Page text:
Hopkinton resident Michael Parduhn connected with Meg, his late wife, in Chicago years ago through running. Now he is using their shared passion as a way to raise awareness about ovarian cancer, the disease that took her life more than four years ago, by running as part of the Dana-Farber Marathon Challenge team in the Boston Marathon.
Parduhn will be easy to spot in the packed field of runners, he said, because he will be sporting a teal tutu. The idea was suggested by his eldest daughter, Taylor, so that he could catch people’s attention. Teal is the color associated with ovarian cancer, he noted.
“I just wear it for the long runs,” the Virginia native explained, noting this is his first Boston Marathon appearance. “It gets a lot of support from other runners, and people in cars will beep and give me a thumbs up. It’s fun to see people smile. My daughter asked me why I don’t wear it every day.”
This year marks the 34th annual running of the Dana-Farber Marathon Challenge. All of the money raised by the Dana-Farber Marathon Challenge team benefits Dana-Farber’s Claudia Adams Barr Program in Innovative Basic Cancer Research. The Dana-Farber Marathon Challenge has raised more than $115 million for the Barr Program to date, and there are more than 500 members from around the world on the DFMC team this year.
Parduhn said that he and Meg, a Michigan native who was a work colleague in Chicago, first became interested in running together when they watched Chicago Marathon runners speed past his condominium there.
“I saw all the excitement, so I asked her if she wanted to run it with me,” he said.
“At first she said, ‘No, that’s stupid,’ ” Parduhn explained with a laugh, noting they eventually ran it together in 1995. “But she was big into fitness, so we started training together and began dating. It was a good way for us to be together and work things out as a young couple. Plus, we were both very stubborn.”
The Parduhns moved to Braintree when Michael pursued his MBA at the Massachusetts Institute of Technology. They returned to Meg’s old neighborhood in Michigan and lived there for four years while he worked for Ford Motor Company.
Parduhn said the couple moved to Hopkinton after he was “offered a job with a retail restaurant start-up.” Drawn to Hopkinton because of its stellar public school system, the young family initially rented an apartment for a year before purchasing a house about 15 years ago and establishing roots here.
“We came here because the school system was rated in the top 100 in Boston Magazine,” he said. “But it was also really cool to live where the Boston Marathon starts.”
While Meg was an avid runner and swimmer, Michael said he would occasionally participate in local 5Ks and the Marathon Fitness Challenge for the Elmwood Elementary School.
“When my kids were around 10 years old, they began to beat me,” said Parduhn, noting that he has knee and back issues from playing hockey when he was younger. “It was very humbling.”
Pacing himself was a key Parduhn learned from his wife that has been a valuable tool in life as well as in running. Now a 51-year-old single father with four kids, Parduhn retired from his job of 12 years at CVS Health. He did this to be able to be more active in his children’s lives, he said, and to take better care of his own health.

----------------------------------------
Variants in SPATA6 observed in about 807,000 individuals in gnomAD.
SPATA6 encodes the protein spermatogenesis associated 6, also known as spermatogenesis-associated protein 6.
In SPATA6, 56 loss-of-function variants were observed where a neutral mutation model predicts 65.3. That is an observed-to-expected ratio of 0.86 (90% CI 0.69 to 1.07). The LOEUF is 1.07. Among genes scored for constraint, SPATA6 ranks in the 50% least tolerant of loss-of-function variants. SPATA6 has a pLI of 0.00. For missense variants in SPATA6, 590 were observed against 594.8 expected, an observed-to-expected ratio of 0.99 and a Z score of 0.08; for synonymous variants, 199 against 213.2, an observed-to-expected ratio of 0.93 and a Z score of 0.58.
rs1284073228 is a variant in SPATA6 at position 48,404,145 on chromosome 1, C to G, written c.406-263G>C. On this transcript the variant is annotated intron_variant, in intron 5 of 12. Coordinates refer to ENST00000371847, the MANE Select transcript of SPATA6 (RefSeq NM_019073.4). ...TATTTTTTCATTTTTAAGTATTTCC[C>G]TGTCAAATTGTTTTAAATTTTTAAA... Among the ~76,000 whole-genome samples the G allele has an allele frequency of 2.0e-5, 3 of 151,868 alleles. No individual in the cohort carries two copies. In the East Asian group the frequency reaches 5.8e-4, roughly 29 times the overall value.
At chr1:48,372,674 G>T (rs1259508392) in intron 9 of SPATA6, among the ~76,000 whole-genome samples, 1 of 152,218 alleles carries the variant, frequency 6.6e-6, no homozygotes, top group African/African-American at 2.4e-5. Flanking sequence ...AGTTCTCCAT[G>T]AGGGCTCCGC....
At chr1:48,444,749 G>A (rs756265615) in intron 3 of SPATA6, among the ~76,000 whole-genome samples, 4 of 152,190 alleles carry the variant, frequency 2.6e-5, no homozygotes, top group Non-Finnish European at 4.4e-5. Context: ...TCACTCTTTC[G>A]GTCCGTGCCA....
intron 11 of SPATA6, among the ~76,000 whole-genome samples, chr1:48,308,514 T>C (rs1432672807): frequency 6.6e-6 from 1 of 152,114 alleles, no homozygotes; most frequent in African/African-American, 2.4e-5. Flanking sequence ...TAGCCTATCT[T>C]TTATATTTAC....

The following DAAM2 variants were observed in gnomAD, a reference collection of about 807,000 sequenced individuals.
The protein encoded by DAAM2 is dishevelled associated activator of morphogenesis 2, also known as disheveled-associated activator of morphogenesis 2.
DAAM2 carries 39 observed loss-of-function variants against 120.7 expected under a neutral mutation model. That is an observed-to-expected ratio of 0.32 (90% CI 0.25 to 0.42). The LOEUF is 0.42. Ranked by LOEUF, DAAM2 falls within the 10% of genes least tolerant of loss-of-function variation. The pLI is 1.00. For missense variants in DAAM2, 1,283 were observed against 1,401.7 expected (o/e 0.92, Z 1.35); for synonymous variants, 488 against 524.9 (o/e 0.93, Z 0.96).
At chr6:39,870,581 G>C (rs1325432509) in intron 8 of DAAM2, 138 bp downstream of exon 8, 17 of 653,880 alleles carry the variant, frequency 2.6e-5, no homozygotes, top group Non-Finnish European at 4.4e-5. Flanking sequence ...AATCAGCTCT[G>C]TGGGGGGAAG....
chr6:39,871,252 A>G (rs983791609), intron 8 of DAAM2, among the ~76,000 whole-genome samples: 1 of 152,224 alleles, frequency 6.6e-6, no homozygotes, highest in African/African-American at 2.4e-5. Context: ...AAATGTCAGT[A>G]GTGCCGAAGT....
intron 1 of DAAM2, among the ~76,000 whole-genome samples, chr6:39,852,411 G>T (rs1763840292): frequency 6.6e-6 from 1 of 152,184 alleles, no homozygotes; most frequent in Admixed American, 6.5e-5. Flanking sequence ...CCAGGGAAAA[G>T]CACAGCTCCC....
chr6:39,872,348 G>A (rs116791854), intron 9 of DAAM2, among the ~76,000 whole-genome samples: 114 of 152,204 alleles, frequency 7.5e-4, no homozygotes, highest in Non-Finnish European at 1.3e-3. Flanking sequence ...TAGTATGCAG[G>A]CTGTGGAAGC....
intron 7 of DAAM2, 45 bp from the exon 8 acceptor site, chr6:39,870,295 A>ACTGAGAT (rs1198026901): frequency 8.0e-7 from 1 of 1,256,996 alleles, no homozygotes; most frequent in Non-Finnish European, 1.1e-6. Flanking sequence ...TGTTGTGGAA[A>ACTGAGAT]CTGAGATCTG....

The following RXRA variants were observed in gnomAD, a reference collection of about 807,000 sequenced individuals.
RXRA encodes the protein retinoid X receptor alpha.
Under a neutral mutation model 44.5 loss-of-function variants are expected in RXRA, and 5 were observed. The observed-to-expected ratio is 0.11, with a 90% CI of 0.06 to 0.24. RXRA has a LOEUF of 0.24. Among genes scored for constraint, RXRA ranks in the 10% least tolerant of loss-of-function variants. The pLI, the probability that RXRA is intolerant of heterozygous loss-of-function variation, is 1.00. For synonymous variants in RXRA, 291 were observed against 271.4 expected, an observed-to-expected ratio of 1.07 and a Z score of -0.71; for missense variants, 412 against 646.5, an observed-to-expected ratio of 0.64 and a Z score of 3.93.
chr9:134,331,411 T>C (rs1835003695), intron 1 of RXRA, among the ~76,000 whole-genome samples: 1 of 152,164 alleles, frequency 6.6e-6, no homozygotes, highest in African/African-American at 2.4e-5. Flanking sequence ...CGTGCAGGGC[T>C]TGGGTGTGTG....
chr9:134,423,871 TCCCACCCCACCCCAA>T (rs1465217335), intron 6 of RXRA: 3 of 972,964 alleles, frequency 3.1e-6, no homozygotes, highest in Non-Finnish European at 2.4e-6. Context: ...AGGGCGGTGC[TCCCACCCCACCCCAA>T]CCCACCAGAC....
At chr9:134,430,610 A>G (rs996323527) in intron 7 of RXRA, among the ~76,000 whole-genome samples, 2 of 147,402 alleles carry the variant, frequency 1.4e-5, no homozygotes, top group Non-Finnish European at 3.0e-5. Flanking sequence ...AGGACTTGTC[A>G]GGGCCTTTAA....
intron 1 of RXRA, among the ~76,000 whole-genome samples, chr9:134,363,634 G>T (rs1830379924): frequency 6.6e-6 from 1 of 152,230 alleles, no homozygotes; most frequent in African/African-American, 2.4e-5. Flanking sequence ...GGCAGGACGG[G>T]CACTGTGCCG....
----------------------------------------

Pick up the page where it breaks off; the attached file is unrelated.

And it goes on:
“I retired so that I could be here for my kids,” he said. “I also wanted to spend some time being healthy so that I could be there for my kids for as long as I possibly can.”
After his retirement last April, Parduhn said he “diligently started running 3 miles a day three times a week. His Garmin watch, a popular accessory for runners, helps him to keep his pacing now. By November, he was able to run 13.1 miles – the length of a half-marathon – with his friends.
“Finding out that I was accepted in October for the DFMC team was exciting and scary at the same time,” he said, noting that the application process was “a good way to think through my motivation.”
“I got accepted a week before the anniversary of her passing,” he noted. “The timing seemed appropriate.”
As he spoke about his late wife, Parduhn became emotional. He explained that his wife received treatment at the Dana-Farber facilities primarily in Milford but also in Boston, calling the staff “very caring and loving.”
“My kids make fun of me because they say I always cry,” Michael added as he swept away tears. “I will definitely be crying when I am running the Marathon.
“In September 2018, Meg was not doing well,” he continued. “At her treatment on Oct. 16, her doctor said it was the end. My birthday was on Oct. 17, and she passed away on the 18th. I think she was hanging on for my birthday.
Parduhn’s father died in November 2021 from liver cancer, making this run even more meaningful. After the Boston Marathon, Michael will begin training for the Chicago Marathon in October.
He explained that he is using the training program discussed in the book “Runner’s World Run Less, Run Faster.” He has been alternating runs with days in the gym, tapering down the number of miles to allow recovery time for his legs before the big event.
“Even on the days when I’m training and it’s really hard, I know that it’s easier than what [Meg] went through,” he said. “It’s just running, putting my feet in front of each other. I can do that. And I just got my new teal running shoes to match the tutu.”
To donate to Parduhn’s fundraiser, visit danafarber.jimmyfund.org/site/TR?fr_id=1930&pg=personal&px=1794131.